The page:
There’s been a lot of focus on vitamin D lately and, in particular, how deficient most of us are. With winter coming up and less sunlight to be exposed to, together with the fact that very few foods contain enough of the vitamin to cover our daily needs, our bodies struggle to produce a sufficient amount of vitamin D needed to keep us at optimal health.
It’s become a massive problem in parts of the world where many people have been advised to take extra supplements due to low vitamin D levels. But what are the signs that you have a vitamin D deficiency? And are some of us more susceptible to low vitamin D levels than others?
With that in mind, there are some signs that you may be suffering from low vitamin D and ways in which you can up the amount of vitamin D in your body.
1. Dark Skin Pigments
Dark skin tones are an advantage when it comes to how our skin burns when we’re out in the sun. The darker the pigment, the more natural sunscreen you have but this can go against you when it comes to getting enough of your vitamin D.
The more melanin you possess, the less chance UV light can penetrate  the skin. In other words, the more pigment you have in your skin, the longer you need to spend in the sun. Take into account the winter months and your amount of potential vitamin D is decreased immensely.
2. Your Mood Is Low
While the sign of a low mood can’t completely determine low vitamin D, it can be an indicator. Serotonin increases and decreases in the brain depending on exposure to light.
This is why many people suffer from depression during winter months but in terms of vitamin D, there has been a link between low levels of vitamin D and high risk of depression in older people.  In fact, those with low vitamin D levels were 11 times more likely to suffer from depression.
If you find your mood is consistently low, then it would be advised to go to a doctor and get your vitamin D levels checked out.
3. You Have Digestion Trouble
Vitamin D is a fat-soluble vitamin. Many gastrointestinal conditions affecting our gut leads to an inability to absorb fat and therefore less able to take in the fat-soluble vitamin D.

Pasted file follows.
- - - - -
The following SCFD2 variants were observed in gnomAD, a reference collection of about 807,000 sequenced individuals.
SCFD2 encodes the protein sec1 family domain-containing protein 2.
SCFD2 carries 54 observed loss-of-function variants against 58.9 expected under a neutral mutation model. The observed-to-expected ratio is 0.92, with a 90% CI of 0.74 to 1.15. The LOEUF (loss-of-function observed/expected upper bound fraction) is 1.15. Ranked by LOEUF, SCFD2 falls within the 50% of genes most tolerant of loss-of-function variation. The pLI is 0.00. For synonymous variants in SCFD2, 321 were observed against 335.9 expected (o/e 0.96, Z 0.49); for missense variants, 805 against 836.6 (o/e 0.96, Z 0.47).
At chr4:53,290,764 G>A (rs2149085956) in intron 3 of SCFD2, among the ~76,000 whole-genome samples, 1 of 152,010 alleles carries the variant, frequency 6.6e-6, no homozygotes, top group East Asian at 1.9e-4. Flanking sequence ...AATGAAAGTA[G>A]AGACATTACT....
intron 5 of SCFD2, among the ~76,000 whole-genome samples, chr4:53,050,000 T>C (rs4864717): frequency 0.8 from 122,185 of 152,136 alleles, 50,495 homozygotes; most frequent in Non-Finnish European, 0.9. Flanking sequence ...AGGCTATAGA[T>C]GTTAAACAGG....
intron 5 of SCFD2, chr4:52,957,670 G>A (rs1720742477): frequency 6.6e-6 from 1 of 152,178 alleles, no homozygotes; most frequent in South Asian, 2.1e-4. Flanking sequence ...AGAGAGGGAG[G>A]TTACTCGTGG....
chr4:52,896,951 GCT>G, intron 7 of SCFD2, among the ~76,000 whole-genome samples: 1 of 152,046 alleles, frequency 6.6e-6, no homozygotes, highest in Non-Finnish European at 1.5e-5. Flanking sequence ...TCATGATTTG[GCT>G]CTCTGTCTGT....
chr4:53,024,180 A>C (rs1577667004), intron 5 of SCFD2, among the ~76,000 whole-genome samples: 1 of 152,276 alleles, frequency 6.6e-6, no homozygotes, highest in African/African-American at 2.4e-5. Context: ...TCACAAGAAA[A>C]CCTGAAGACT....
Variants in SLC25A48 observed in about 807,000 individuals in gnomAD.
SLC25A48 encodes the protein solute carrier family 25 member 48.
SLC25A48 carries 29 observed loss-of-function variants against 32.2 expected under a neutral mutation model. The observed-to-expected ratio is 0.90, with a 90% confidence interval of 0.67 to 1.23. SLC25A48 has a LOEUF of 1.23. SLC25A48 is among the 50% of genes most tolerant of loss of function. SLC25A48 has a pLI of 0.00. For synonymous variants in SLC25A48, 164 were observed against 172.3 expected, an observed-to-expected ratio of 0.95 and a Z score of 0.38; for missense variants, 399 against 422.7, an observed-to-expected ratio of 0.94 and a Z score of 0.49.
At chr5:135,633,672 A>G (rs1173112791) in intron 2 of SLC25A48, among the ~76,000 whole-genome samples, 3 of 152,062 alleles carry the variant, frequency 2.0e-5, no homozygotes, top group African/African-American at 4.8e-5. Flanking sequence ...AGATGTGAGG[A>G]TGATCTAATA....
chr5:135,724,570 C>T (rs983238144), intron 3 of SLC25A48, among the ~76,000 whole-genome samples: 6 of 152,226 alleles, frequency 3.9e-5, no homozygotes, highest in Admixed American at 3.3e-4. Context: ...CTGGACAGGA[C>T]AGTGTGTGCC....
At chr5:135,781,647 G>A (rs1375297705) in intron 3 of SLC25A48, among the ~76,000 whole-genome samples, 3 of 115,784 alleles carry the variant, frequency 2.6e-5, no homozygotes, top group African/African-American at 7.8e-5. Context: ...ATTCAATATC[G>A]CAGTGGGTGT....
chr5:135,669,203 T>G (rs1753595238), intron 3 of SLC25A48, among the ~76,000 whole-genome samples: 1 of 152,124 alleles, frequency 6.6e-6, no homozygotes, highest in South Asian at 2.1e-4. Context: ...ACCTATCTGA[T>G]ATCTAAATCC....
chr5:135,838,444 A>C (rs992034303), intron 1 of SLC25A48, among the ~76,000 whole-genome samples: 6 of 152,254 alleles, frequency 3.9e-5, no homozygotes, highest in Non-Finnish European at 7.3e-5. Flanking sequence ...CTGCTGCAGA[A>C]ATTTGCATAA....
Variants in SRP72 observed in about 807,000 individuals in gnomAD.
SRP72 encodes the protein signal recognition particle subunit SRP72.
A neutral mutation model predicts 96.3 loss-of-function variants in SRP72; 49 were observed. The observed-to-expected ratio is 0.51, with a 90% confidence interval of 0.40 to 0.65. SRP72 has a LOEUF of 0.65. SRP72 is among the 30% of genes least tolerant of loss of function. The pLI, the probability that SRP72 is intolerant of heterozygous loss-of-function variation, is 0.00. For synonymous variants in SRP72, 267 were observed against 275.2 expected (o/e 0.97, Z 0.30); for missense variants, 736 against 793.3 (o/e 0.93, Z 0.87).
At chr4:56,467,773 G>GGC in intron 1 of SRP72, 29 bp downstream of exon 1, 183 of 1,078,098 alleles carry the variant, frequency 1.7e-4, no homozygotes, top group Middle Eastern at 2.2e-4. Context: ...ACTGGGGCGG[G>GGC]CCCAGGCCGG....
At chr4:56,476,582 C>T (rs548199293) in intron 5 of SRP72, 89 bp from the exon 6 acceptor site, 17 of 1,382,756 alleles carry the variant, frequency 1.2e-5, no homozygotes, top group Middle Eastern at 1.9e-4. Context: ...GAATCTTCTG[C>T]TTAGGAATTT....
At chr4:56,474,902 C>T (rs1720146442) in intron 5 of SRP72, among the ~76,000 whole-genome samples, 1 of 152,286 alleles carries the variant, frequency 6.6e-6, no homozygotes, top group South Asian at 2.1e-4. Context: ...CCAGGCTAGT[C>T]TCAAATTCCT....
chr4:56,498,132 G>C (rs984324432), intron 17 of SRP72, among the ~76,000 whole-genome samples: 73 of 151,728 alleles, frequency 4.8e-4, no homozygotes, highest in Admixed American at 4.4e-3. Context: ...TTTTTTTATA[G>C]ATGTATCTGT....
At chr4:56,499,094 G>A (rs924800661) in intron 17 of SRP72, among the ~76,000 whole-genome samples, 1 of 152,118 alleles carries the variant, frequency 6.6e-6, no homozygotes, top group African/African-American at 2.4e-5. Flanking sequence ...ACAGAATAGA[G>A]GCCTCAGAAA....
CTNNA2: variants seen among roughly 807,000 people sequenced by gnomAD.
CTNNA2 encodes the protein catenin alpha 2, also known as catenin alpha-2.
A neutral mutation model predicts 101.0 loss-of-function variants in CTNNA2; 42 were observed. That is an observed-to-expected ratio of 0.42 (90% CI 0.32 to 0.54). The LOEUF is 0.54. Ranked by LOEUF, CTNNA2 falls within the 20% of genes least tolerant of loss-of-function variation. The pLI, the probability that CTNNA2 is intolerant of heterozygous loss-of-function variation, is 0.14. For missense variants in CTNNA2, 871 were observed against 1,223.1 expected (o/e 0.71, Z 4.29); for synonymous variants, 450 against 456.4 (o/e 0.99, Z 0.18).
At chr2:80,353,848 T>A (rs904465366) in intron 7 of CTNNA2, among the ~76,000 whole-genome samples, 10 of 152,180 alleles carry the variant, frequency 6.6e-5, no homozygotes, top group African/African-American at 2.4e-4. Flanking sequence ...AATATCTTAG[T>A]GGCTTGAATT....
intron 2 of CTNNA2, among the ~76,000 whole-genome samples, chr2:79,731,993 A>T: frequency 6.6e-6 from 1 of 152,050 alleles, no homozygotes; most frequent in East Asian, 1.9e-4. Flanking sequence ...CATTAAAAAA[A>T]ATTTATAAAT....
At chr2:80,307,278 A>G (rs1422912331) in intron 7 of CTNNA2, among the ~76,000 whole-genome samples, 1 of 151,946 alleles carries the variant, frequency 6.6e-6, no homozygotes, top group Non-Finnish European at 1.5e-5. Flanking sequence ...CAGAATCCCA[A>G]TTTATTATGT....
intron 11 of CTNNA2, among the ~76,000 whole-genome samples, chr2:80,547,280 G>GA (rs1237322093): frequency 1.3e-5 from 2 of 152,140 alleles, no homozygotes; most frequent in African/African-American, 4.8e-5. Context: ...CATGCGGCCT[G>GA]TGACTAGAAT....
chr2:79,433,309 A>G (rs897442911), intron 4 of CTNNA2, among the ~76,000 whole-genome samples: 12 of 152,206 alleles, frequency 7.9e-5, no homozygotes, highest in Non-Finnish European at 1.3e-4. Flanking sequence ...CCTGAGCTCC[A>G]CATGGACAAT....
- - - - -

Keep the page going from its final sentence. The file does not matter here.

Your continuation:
No matter how much you take in, your body won’t be able to convert it. Therefore, those suffering from conditions such as Chron’s, celiac and gluten-sensitivity should be aware of low vitamin D in their system.
4. You Are Overweight Or Obese
Those carrying more weight are also more likely to have a vitamin D deficiency. A study was conducted that showed with each unit increase in BMI (body mass index) there was a 1.15% decrease in vitamin D levels in the blood. 
This is thought to be because of vitamin D’s fat-soluble nature. Since it’s fat-soluble, the body’s fat collects the vitamin D, therefore the more fat you carry, the more likely you’ll need a larger amount of vitamin D compared to someone slimmer.
5. You Have Aching Bones
Aches and pains are often misdiagnosed by doctors such as fibromyalgia or chronic fatigue syndrome. While these could well be the cause, another cause could be low vitamin D. The vitamin D deficiency known as osteomalacia is different to that of osteoporosis and is also previously called rickets in children.
The softening of the bones caused by low vitamin D occurs because the bone mineralisation involving calcium, phosphorus and vitamin D can’t happen optimally and the bones start to weaken causing aches and pains.
6. You Get A Sweaty Head
Believe it or not, one of the first signs of vitamin D deficiency is profuse sweating on the head.
Neuromuscular irritability from low vitamin D is thought to be the cause and can be found in newborn babies if they do not get enough vitamin D. 
7. You’re Aged 50 Or Over
As your skin ages, its ability to absorb vitamin D lessens. Together with this, your kidneys are less efficient over time in converting vitamin D to be passed into the blood.
For people much older, staying indoors more often and not getting sufficient sunlight is also a huge factor in low vitamin D.
Ways You Can Combat Low Vitamin D Levels
If you feel you fall into any of the above categories, here are some tips on getting more vitamin D into your body.
- Get more sun exposure: An obvious one but making a conscious effort to expose yourself to more sunlight is important to up your vitamin D. It’s also important to be safe while doing so and not to burn your skin – around 15 minutes is enough for an average person so try to up this to 20-25 minutes safely.
- Use ultraviolet lamps and bulbs: If you live somewhere that doesn’t get much sunlight then consider investing in a UV lamp. While these carry the same risks as a sunbed, careful use can help your body to produce and absorb the vitamin D it needs.
- Supplements: Taking vitamin D supplements can help up your intake and is a good way to easily incorporate it into your daily routine.
- Eat more foods containing vitamin D: Foods such as fatty fish, egg yolks, canned tuna fish and fortified food and drinks can help to up your intake, however, eating a massive amount of these foods won’t make a difference by itself. Combine these with a vitamin D supplement or extra sunlight if possible.
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